Each monarch begins life as an egg, laid underneath a milkweed leaf. That egg hatches after 3-5 days to reveal a first instar larva. Over a period of 9-15 days, that larva increases its body mass about 2000 times as it grows, molting, or shedding its skin five times to allow for this rapid increase in size. The period between each molt is called an instar; monarch larvae undergo five instars. It then pupates, and spends another 9-14 days as a chrysalis, or pupa. When fully developed, the adult butterfly emerges from the pupa casing, pumps fluid from its abdomen into its wings, and flies off to nectar, mate, and (if a female) lay its own eggs. Adult butterflies that don’t migrate live another 2-6 weeks. The development time of eggs, larvae and pupae depend on temperature, with cool or very hot conditions resulting in longer development times. Their survival rates are low, with only about 5% surviving to become fifth instars. The others are killed by a variety of predators, including ants, spiders, true bugs, beetles, and lacewing larvae.

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Each spring, the first monarchs arrive in northern and eastern US states, and southern Canada shortly after milkweed first appears in an area. These first monarchs in the northern breeding range came from eggs laid by females who likely spent the winter in Mexico and flew to find milkweed in northern Mexico and the southeastern US (like Texas, Louisiana and Florida) using the last bit of energy they had after their long winter. We often think of these first monarchs we see in late spring as “the first generation” of the new year.

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These first generation monarchs will mate, lay eggs, and die. Their eggs will start the cycle over again, hatching, growing, pupating, emerging, mating, laying eggs and dying, again living up to 8 weeks. Each of three to four summer generations over the summer lives the same kind of life.

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The monarchs that emerge as adults at the end of the summer can’t stay in colder climates for the winter. They aren’t adapted to handle the cold temperatures and lack of moisture. They undergo the same life cycle as the generations before them, until they are adults. At that point, their lives are different from all other broods. Instead of mating, and laying eggs, they put all of their energy into migrating to a climate that can sustain them until springtime. This allows them to stay alive until the next spring, when they’ll be able to fly north and lay eggs. This migration is the key part to success of the monarchs’ annual life cycle. These fall monarchs look exactly like all other monarchs. However, they are physiologically different, and emerge from the pupa in a state called reproductive diapause. Diapause is basically a period of suspended development; these individuals do not have the mature internal sex organs (testes and ovaries) that the summer generations have. A variety of signals from nature combine to induce this diapause condition, including shortening daylength, changes in temperature between daytime and night time, and even the age of the milkweed plants that they ate as larvae! Beginning in late August and continuing through September and October, these individuals fly up to 2,000 miles south to the volcanic mountain ranges of central Mexico. They drink nectar and catch warm air currents that allow them to soar instead of using powered flight as they go.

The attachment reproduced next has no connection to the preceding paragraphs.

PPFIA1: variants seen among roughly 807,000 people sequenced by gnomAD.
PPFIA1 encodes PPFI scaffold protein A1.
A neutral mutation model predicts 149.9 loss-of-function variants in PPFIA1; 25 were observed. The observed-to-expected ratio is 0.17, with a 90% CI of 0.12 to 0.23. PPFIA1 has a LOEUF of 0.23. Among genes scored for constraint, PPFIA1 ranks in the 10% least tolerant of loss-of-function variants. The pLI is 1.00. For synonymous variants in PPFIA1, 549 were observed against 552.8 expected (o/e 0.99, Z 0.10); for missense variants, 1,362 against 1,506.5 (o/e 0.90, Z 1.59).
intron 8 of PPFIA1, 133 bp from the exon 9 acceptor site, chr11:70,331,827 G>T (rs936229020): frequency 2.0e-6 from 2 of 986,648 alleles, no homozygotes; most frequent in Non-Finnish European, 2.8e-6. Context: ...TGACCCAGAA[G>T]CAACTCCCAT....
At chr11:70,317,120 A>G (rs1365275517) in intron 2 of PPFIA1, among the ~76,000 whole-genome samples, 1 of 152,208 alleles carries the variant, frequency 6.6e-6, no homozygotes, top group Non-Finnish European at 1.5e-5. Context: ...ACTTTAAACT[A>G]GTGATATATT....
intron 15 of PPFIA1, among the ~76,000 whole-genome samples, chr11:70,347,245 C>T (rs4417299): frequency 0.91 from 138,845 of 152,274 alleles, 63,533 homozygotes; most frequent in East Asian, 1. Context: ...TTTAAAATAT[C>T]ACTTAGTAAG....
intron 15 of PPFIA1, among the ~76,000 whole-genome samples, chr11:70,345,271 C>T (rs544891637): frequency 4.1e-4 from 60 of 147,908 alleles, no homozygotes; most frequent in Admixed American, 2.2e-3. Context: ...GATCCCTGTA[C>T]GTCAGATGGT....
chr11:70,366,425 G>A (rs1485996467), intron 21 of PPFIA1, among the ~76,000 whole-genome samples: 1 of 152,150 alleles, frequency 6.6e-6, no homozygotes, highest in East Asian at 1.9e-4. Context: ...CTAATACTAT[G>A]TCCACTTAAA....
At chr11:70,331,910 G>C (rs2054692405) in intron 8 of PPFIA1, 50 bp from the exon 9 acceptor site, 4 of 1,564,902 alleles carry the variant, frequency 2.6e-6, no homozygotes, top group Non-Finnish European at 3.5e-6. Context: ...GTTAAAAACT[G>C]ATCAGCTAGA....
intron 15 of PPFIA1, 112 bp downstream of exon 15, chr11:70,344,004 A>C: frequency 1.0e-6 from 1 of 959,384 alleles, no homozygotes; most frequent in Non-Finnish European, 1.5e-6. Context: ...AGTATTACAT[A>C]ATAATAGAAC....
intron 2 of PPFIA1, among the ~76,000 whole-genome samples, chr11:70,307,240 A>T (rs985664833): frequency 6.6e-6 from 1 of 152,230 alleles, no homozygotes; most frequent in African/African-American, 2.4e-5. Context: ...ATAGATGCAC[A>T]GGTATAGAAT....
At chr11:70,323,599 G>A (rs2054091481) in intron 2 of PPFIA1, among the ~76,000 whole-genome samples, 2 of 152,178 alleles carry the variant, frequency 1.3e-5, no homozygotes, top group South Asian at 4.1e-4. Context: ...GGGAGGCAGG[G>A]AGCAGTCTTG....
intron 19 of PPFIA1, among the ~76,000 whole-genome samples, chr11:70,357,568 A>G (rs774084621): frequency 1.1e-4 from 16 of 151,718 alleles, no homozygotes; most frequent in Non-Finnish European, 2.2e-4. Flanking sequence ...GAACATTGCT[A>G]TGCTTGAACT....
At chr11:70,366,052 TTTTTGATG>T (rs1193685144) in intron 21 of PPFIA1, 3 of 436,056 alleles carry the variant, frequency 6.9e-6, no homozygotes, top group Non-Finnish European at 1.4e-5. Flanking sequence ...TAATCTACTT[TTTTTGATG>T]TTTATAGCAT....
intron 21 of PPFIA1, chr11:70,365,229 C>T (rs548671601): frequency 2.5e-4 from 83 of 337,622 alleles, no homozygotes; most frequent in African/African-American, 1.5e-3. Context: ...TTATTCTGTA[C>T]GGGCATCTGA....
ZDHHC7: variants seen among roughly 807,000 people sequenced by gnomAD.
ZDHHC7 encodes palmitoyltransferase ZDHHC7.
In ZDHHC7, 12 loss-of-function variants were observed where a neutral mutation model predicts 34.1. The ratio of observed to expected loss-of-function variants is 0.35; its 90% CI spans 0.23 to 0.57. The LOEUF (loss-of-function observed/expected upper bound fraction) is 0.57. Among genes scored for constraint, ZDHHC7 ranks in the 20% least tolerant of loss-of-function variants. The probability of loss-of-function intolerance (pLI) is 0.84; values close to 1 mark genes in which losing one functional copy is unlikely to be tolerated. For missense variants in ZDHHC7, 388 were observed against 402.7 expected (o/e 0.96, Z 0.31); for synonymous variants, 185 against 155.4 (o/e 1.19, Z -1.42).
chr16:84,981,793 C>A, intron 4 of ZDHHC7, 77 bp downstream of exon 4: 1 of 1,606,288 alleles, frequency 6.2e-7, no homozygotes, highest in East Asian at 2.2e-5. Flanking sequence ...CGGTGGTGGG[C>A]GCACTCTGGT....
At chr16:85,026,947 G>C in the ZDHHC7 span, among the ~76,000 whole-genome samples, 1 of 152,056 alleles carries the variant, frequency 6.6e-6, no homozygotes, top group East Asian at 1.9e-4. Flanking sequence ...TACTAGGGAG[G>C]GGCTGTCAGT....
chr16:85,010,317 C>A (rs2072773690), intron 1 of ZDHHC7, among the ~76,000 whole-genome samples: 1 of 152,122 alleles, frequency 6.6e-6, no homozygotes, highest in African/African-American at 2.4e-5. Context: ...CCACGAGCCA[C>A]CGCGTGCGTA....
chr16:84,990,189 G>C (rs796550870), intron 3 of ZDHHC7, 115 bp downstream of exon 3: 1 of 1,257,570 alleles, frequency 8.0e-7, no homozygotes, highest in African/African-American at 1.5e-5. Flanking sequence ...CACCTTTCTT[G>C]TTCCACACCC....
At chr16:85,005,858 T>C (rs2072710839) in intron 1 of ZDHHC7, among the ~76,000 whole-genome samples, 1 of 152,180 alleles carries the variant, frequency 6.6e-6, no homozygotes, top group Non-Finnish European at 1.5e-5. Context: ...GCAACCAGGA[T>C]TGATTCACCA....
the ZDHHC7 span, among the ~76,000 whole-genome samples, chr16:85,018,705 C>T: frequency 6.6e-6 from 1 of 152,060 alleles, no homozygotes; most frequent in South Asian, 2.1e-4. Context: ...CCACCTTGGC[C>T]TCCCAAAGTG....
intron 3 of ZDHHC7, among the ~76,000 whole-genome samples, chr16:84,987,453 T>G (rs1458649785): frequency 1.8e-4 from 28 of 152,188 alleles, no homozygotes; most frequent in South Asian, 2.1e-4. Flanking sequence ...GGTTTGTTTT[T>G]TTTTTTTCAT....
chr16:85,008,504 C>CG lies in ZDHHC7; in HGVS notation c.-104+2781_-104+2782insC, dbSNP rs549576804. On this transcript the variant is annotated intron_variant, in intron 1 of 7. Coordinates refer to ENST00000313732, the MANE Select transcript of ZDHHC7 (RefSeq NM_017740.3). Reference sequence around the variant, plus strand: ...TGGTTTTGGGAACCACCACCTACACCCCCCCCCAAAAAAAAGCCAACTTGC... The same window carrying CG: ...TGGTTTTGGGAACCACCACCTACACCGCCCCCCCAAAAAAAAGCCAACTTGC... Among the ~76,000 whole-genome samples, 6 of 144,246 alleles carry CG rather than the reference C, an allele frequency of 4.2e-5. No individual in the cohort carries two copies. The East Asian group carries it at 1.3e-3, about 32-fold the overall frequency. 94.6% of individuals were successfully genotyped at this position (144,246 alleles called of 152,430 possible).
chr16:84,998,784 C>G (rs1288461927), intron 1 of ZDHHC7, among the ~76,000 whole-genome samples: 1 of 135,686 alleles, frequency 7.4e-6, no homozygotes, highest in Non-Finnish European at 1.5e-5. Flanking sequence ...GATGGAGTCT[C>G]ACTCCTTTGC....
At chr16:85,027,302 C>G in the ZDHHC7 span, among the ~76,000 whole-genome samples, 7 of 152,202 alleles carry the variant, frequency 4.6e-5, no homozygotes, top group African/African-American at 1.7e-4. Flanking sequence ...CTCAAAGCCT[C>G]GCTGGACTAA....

In Mexico, monarchs find the south facing slopes of the mountains and settle on branches of oyamel fir trees. The temperature and moisture allow them to go into a torpor (very similar to hibernation, only not as deep a “sleep”). This way, they can reserve their energy until the warmer spring weather returns.

The monarchs that spend the winter in the mountains of central Mexico are the final generation each year. After spending several months in Mexico (from early November until March), warm, lengthening days signal them that it’s time to be active again.


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At the end of the winter, monarchs end diapause, becoming ready to mate and lay eggs as they move northward. Once they become reproductively active, they’ll only live another few weeks. Their eggs then mark the start of another annual life cycle, as the first generation of monarchs is born again. Unlike the summer generations, which only live for 2-5 weeks as adults, winter butterflies live 7-9 months – surviving a long southward migration, several months in Mexico, and a northward migration back into the southern US. This cycle of the a first generation of monarchs, followed by three to four summer generations, and a final fall migrating/overwintering generation together makes up the annual life cycle of the monarch species. Monarchs have evolved to live this way, with special adaptations that allow them to survive seasonal changes to their habitats. Nectaring plants, milkweed, water, and the oyamel fir forests in Mexico are all crucial to allowing this annual life cycle continue. Throughout each year, in whatever country they find themselves, monarchs compete with human needs for land and resources. Efforts to provide for monarchs are coupled with addressing the needs of human residents, particularly in the constrained overwintering area. It can be done, and MBF works to that end.

Much more information about monarch biology and conservation can be found in the North American Monarch Conservation Plan (link).